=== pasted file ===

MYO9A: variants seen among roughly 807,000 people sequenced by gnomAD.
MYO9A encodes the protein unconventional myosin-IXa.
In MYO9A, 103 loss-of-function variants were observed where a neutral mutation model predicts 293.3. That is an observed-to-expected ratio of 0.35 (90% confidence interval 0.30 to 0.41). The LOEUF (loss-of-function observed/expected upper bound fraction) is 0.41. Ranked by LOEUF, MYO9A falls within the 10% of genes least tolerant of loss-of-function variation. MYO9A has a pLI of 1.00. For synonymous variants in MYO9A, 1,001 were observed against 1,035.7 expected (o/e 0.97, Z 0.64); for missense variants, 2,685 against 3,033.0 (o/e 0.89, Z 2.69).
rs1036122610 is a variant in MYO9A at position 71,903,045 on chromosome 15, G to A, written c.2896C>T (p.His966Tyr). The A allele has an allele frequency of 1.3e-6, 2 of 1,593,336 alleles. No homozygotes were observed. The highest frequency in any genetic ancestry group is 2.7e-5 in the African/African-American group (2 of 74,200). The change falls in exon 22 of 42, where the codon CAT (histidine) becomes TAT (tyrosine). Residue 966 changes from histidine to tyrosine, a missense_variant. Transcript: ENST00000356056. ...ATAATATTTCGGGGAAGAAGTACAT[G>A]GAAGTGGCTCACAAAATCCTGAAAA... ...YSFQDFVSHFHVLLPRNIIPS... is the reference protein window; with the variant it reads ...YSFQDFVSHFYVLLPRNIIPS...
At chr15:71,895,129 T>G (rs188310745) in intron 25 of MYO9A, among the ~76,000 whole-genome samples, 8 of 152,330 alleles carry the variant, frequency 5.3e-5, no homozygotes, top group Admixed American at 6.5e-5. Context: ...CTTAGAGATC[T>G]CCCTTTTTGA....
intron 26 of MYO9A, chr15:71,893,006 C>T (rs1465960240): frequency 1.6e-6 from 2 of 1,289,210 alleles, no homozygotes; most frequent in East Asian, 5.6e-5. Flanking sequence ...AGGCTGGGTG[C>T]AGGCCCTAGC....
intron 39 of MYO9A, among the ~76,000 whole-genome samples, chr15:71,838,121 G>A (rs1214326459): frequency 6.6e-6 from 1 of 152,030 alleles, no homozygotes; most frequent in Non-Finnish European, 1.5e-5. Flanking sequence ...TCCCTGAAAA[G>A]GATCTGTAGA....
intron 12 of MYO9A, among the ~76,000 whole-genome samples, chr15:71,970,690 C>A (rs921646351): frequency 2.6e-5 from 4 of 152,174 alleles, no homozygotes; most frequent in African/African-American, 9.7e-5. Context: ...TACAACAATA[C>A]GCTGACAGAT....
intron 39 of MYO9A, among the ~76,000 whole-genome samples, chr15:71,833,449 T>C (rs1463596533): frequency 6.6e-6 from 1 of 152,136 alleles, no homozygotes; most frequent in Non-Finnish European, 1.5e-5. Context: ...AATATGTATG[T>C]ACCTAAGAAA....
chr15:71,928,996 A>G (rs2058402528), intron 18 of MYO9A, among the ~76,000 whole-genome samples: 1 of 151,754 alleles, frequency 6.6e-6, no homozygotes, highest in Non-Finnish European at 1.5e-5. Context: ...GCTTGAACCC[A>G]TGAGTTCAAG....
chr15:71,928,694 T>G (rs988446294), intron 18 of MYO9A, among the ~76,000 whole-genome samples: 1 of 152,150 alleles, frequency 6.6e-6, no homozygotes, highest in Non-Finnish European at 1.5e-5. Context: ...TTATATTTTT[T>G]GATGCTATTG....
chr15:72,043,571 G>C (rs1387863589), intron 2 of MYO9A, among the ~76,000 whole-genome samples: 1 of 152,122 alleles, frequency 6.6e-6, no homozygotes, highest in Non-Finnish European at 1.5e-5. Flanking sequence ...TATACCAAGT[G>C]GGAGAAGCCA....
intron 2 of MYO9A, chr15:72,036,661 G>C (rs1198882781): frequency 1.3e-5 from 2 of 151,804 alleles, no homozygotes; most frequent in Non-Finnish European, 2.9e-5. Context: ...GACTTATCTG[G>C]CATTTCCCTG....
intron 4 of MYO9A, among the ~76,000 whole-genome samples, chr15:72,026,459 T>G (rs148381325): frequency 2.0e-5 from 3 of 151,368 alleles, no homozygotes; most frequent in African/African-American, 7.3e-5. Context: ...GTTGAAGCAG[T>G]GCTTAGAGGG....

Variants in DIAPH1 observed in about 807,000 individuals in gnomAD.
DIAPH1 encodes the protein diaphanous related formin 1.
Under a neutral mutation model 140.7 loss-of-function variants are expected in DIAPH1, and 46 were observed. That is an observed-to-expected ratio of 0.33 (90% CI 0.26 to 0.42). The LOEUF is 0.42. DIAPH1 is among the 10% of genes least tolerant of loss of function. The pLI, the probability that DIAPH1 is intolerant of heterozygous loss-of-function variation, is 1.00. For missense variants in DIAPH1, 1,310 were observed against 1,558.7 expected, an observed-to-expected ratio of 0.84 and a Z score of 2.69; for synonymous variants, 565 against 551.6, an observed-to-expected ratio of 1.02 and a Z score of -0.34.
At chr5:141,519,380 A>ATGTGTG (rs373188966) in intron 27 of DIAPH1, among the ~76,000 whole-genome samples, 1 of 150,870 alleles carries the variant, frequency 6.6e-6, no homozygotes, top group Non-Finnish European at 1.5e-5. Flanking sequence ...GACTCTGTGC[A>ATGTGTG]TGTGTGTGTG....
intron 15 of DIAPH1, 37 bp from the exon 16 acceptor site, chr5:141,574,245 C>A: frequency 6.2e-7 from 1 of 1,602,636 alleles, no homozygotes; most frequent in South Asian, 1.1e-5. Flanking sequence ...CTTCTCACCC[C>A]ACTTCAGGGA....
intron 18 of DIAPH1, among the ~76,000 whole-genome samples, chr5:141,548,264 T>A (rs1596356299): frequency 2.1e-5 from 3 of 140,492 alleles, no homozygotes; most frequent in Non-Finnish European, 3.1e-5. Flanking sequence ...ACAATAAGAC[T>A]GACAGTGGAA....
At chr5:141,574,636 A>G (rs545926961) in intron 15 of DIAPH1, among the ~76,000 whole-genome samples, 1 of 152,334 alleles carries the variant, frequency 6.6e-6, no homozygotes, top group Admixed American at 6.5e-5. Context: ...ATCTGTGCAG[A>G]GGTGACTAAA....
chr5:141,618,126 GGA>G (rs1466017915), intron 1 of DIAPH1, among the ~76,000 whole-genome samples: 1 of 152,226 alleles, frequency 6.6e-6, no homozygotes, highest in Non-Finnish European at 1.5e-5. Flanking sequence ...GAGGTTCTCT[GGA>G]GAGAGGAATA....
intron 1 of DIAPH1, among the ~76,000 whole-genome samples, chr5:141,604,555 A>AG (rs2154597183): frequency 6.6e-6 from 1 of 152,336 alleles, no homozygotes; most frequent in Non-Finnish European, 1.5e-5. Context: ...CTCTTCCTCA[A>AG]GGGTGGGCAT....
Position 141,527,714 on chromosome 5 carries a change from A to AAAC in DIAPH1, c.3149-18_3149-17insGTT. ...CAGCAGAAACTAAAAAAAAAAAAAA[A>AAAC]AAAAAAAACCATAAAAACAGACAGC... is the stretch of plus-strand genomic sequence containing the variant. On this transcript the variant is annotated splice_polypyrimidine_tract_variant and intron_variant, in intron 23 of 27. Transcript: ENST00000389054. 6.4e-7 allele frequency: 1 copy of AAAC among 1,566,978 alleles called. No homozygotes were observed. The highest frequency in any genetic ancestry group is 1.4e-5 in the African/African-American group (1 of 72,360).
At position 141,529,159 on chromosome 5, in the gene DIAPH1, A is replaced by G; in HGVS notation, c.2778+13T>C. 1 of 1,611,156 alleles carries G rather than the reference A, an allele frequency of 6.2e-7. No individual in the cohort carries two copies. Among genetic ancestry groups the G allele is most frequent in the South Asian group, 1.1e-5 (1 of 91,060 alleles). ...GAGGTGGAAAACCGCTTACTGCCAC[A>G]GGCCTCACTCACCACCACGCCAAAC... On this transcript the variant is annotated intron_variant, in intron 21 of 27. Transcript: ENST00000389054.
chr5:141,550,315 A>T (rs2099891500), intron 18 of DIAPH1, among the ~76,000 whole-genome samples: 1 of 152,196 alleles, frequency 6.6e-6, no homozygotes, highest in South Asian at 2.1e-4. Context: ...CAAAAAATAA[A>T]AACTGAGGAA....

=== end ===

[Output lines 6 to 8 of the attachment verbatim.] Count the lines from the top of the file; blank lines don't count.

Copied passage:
intron 26 of MYO9A, chr15:71,893,006 C>T (rs1465960240): frequency 1.6e-6 from 2 of 1,289,210 alleles, no homozygotes; most frequent in East Asian, 5.6e-5. Flanking sequence ...AGGCTGGGTG[C>T]AGGCCCTAGC....
intron 39 of MYO9A, among the ~76,000 whole-genome samples, chr15:71,838,121 G>A (rs1214326459): frequency 6.6e-6 from 1 of 152,030 alleles, no homozygotes; most frequent in Non-Finnish European, 1.5e-5. Flanking sequence ...TCCCTGAAAA[G>A]GATCTGTAGA....
intron 12 of MYO9A, among the ~76,000 whole-genome samples, chr15:71,970,690 C>A (rs921646351): frequency 2.6e-5 from 4 of 152,174 alleles, no homozygotes; most frequent in African/African-American, 9.7e-5. Context: ...TACAACAATA[C>A]GCTGACAGAT....